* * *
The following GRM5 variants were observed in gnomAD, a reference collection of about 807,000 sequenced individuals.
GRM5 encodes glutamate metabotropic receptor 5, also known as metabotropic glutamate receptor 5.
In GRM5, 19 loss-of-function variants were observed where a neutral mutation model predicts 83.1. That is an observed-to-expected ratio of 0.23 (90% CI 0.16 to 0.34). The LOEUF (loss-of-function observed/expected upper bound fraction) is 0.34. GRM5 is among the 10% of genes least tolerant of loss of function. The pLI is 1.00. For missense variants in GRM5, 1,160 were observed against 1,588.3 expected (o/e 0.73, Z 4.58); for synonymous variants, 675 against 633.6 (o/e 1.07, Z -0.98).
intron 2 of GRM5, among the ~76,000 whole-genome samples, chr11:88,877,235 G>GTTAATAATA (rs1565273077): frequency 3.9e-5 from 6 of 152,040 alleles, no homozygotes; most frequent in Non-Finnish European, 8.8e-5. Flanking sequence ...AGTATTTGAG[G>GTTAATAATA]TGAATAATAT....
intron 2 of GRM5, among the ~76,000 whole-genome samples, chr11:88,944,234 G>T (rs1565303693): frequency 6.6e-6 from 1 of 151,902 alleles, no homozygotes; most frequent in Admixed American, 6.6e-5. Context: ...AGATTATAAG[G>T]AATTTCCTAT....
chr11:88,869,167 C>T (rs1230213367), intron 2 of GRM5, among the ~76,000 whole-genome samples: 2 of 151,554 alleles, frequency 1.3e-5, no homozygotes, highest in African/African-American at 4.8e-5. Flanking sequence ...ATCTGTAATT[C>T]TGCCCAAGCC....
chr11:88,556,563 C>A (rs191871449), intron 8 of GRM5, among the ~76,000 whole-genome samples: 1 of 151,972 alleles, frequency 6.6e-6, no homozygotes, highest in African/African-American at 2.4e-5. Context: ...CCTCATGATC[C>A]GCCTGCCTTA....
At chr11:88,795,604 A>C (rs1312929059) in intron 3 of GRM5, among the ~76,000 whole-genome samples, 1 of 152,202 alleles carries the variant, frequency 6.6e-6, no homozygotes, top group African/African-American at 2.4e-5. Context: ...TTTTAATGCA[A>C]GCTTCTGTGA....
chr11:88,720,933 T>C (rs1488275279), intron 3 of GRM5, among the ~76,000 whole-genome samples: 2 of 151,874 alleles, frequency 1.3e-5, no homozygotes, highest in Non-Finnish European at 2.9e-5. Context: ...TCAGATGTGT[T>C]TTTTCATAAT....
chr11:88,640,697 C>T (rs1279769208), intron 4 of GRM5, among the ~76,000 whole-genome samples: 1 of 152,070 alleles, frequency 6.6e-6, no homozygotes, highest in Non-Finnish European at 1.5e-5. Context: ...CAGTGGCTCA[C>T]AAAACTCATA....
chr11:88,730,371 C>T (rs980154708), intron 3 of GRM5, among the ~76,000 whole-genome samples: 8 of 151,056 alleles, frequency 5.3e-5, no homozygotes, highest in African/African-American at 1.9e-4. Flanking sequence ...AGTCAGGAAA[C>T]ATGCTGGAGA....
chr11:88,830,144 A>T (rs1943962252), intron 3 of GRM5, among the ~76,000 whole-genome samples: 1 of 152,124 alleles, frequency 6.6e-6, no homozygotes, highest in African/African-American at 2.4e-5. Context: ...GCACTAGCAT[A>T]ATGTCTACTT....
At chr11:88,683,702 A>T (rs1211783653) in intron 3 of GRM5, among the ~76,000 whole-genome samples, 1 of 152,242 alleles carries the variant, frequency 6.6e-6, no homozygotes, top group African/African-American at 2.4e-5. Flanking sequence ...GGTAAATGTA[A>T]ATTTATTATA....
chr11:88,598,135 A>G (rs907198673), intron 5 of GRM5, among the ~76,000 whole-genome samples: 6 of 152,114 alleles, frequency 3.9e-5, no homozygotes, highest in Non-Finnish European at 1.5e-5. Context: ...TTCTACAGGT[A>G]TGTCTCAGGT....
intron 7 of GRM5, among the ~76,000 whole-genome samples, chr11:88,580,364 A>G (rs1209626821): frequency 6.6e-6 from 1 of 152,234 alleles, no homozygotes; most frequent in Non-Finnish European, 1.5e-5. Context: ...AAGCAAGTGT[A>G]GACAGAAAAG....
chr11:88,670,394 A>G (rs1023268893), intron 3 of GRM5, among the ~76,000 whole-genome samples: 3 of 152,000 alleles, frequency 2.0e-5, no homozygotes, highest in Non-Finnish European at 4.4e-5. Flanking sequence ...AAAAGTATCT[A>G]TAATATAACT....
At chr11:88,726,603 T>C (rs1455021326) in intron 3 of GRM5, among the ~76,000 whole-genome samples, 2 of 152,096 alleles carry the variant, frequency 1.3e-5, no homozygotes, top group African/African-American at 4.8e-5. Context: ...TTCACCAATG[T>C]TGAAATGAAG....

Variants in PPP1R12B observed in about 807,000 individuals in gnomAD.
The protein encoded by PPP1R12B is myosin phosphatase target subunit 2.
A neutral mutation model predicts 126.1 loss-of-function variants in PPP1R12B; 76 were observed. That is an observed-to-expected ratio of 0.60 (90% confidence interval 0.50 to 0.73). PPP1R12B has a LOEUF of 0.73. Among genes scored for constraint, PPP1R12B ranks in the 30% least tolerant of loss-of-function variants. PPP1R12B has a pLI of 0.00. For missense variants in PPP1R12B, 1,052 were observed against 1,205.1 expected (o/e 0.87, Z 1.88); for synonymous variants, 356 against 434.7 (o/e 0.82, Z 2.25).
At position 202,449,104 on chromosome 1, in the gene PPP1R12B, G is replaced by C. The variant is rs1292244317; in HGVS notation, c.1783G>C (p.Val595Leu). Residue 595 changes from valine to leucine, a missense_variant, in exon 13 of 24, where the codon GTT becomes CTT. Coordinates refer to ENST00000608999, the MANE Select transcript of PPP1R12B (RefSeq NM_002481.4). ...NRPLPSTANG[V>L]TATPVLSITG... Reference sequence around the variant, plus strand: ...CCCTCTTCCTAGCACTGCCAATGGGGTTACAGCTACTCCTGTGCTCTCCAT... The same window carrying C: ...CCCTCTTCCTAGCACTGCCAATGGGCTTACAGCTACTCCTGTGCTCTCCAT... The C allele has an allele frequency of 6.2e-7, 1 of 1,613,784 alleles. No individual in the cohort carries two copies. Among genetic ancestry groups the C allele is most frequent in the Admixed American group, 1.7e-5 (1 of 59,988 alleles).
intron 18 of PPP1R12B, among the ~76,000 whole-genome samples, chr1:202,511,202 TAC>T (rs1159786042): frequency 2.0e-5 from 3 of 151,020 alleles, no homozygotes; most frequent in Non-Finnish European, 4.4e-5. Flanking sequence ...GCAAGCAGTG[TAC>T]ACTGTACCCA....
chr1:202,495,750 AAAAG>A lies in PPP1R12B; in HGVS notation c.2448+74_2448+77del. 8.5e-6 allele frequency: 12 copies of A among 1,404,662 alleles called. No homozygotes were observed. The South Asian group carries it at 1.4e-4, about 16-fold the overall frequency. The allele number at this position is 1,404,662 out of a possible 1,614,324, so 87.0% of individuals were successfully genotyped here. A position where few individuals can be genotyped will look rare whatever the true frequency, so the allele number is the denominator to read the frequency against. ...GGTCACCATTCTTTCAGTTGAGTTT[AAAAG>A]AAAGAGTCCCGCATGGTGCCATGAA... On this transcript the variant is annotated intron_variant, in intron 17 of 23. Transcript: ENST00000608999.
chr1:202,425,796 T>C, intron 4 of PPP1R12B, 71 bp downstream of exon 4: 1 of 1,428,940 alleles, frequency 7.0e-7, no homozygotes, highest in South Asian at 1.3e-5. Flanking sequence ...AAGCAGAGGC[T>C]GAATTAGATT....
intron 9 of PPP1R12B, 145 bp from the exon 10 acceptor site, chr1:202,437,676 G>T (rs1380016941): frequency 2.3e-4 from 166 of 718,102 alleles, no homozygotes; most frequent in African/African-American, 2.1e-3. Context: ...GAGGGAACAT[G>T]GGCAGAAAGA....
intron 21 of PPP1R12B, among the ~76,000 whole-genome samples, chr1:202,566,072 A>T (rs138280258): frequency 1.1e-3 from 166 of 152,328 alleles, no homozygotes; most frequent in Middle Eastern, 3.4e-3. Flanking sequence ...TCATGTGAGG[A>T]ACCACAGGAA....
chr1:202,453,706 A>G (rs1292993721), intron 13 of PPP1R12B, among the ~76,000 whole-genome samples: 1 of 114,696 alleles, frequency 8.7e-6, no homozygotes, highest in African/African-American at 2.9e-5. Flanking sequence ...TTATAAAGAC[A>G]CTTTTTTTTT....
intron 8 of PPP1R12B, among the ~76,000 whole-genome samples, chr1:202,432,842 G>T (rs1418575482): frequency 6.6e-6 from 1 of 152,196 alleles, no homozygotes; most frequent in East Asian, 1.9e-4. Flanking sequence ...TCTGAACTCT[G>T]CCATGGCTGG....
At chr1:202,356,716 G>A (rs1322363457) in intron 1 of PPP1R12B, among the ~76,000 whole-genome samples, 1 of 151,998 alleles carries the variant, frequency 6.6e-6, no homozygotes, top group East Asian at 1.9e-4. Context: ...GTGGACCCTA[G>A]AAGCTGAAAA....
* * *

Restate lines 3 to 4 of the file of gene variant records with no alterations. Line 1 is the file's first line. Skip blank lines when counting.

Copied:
In GRM5, 19 loss-of-function variants were observed where a neutral mutation model predicts 83.1. That is an observed-to-expected ratio of 0.23 (90% CI 0.16 to 0.34). The LOEUF (loss-of-function observed/expected upper bound fraction) is 0.34. GRM5 is among the 10% of genes least tolerant of loss of function. The pLI is 1.00. For missense variants in GRM5, 1,160 were observed against 1,588.3 expected (o/e 0.73, Z 4.58); for synonymous variants, 675 against 633.6 (o/e 1.07, Z -0.98).
intron 2 of GRM5, among the ~76,000 whole-genome samples, chr11:88,877,235 G>GTTAATAATA (rs1565273077): frequency 3.9e-5 from 6 of 152,040 alleles, no homozygotes; most frequent in Non-Finnish European, 8.8e-5. Flanking sequence ...AGTATTTGAG[G>GTTAATAATA]TGAATAATAT....